Wednesday, November 10, 2010

Celebrate the Season Month by Month

(Use a seasonal harvest calendar as your guide. Pin it to your refrigerator!)

How convenient would it be to have all the fruits and vegetables we want continuously supplied to us throughout the year all at once by one source? For most of us that crazy idea is the grocery store.

After all, in our most simplistic thinking, it is where our food comes from. It is always summer somewhere. But this is how we live our lives, automatically grabbing tomatoes to buy in March or asparagus in November without much thought to how or where it was grown or how it was delivered. We are creatures of habit and we often take for granted the realization that our food doesn't just come from grocery store shelves but originates in soil with a growing season that cascades over the course of many months. Today the majority of our food is coming from far off places, allowing us to eat whatever whenever we want, often exuding high production and transportation costs to reach us. Let's switch things around and still find abundance.

Many people become vegetarians to take a stand for animal rights, the environment, and for a host of other cultural and societal reasons. With the oil spill this summer in the Gulf of Mexico fresh on our minds and a growing awareness of the distance our food travels (from its source to our dinner plate approximately 1,500 miles) more and more people are becoming localvores (eating with the seasons and from food from nearby places). I've begun thinking hard about the way I eat. It is tempting, easy, convenient (and any other adjective you want to add in there) to reach for out of season fruits and vegetables at any time of the year but it is also actually possible to wait and celebrate the season when it comes.

Many of us would consider this lifestyle choice as deprivation but in fact it is quite the contrary. When we eat with the season we celebrate produce in the peak of its season which means it is going to taste fresh, sweet, and delicious not bruised, mealy, and unflavorful. When we eat with the season, we get better prices on our food and are able to come up with creative ways (canning, freezing, drying, pickling, and fermenting) of enjoying these foods throughout the year. When we eat with the season, we get to support local farmers who grow food in our own county or state. When we eat with the season, we dramatically reduce the amount of oil that would otherwise go into transporting our produce around the world. When we eat with the season, we create a food culture that builds our food security, local economy, and empowers healthier and happier people.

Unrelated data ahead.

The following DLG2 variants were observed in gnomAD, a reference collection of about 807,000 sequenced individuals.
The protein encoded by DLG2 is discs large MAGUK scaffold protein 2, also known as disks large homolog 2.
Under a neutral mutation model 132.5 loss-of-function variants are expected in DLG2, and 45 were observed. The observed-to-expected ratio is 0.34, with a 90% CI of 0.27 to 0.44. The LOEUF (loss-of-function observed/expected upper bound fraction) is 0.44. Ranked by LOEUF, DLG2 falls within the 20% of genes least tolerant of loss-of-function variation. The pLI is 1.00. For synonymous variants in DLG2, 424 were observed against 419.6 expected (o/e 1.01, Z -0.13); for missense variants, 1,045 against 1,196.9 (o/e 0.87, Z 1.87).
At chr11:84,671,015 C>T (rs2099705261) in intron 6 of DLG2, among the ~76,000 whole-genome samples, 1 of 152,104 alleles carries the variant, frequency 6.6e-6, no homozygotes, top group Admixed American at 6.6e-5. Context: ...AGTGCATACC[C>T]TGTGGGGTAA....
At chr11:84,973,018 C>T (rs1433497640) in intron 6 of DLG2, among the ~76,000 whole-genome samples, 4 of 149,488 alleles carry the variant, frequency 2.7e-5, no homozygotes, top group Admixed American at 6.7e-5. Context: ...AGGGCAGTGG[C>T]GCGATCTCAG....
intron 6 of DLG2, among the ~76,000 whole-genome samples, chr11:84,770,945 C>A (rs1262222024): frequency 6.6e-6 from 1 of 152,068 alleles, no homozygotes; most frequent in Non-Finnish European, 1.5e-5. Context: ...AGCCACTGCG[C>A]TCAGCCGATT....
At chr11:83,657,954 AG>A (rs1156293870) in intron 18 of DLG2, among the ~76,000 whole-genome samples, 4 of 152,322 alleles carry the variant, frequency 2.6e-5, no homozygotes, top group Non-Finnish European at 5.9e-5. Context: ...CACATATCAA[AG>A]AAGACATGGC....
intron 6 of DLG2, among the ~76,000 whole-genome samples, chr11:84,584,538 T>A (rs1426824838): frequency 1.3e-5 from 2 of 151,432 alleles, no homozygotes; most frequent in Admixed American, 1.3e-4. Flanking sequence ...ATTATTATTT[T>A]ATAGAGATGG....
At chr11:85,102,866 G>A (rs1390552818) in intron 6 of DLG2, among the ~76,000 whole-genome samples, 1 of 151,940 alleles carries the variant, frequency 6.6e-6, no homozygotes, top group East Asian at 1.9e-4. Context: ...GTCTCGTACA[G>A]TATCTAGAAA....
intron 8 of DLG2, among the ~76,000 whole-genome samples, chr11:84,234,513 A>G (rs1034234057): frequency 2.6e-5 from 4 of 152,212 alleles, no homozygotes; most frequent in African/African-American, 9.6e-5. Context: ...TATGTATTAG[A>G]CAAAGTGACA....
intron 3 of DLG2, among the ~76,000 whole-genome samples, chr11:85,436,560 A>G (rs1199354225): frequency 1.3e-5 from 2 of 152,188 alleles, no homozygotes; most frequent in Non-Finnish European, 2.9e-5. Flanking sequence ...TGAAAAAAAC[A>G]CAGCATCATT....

This year, I've started small. Little by little I've gathered what I could (including basil, beets, lentils, garbanzo beans, apples, blackberries, and jalapenos peppers) from farmers markets, food stands, and backyards. I'm still celebrating each of them, knowing exactly where they came from. I have pesto in my freezer from the basil, pickled beets in my refrigerator, and dried lentils and garbanzo beans stored in my cupboard as well as jars of applesauce and pickled jalapenos. Ok, so all the blackberries were eaten in August. Big deal. I'll wait until next summer when eating blackberries feels as celebratory to summer as eating pumpkin pie is to Fall. The best way to begin is to start small. Find some locally grown squash at your farmers market next week. Don't buy just one. Make a big batch of soup and freeze the left overs. Or peel the squash and cut it into cubes and store it in your freezer to have as a side dish with winter meals. Get creative. Keep reading my blog. I will be right along with you trying to find ways of eating locally throughout each season. As time goes on we'll get better at it. There is so much that is complex in our world today. If you are frustrated by politics, overwhelmed by the direction of the country, or are inspired to action - do something simple. Pick an apple. Make some applesauce. Share it with your friends. Celebrate. Because it is in the picking of the apple you find the feeling of connection, in the making of the applesauce self sufficiency, in the sharing of friends community, and in the celebrating abundance.

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